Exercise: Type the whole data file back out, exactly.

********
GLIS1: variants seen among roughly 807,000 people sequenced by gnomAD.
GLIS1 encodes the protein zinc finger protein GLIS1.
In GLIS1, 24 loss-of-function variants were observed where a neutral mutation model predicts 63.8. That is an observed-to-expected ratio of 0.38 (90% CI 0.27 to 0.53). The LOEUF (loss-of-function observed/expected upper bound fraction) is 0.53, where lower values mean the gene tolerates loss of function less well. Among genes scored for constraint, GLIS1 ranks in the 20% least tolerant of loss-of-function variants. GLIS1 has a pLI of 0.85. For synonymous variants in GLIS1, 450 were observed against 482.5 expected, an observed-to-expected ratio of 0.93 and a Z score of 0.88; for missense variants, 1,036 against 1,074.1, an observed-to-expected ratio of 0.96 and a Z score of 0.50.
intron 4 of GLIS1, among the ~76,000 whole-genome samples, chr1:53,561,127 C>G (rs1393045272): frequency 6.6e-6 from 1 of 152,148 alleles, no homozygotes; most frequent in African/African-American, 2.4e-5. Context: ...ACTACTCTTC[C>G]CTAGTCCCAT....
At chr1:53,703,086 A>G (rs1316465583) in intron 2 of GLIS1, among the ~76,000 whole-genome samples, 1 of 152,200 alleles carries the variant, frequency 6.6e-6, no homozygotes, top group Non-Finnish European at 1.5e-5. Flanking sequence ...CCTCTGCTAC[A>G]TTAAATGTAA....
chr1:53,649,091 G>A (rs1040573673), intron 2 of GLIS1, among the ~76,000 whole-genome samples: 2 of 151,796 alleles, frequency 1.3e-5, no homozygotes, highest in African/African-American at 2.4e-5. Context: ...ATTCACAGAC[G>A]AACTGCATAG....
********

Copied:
GLIS1: variants seen among roughly 807,000 people sequenced by gnomAD.
GLIS1 encodes the protein zinc finger protein GLIS1.
In GLIS1, 24 loss-of-function variants were observed where a neutral mutation model predicts 63.8. That is an observed-to-expected ratio of 0.38 (90% CI 0.27 to 0.53). The LOEUF (loss-of-function observed/expected upper bound fraction) is 0.53, where lower values mean the gene tolerates loss of function less well. Among genes scored for constraint, GLIS1 ranks in the 20% least tolerant of loss-of-function variants. GLIS1 has a pLI of 0.85. For synonymous variants in GLIS1, 450 were observed against 482.5 expected, an observed-to-expected ratio of 0.93 and a Z score of 0.88; for missense variants, 1,036 against 1,074.1, an observed-to-expected ratio of 0.96 and a Z score of 0.50.
intron 4 of GLIS1, among the ~76,000 whole-genome samples, chr1:53,561,127 C>G (rs1393045272): frequency 6.6e-6 from 1 of 152,148 alleles, no homozygotes; most frequent in African/African-American, 2.4e-5. Context: ...ACTACTCTTC[C>G]CTAGTCCCAT....
At chr1:53,703,086 A>G (rs1316465583) in intron 2 of GLIS1, among the ~76,000 whole-genome samples, 1 of 152,200 alleles carries the variant, frequency 6.6e-6, no homozygotes, top group Non-Finnish European at 1.5e-5. Flanking sequence ...CCTCTGCTAC[A>G]TTAAATGTAA....
chr1:53,649,091 G>A (rs1040573673), intron 2 of GLIS1, among the ~76,000 whole-genome samples: 2 of 151,796 alleles, frequency 1.3e-5, no homozygotes, highest in African/African-American at 2.4e-5. Context: ...ATTCACAGAC[G>A]AACTGCATAG....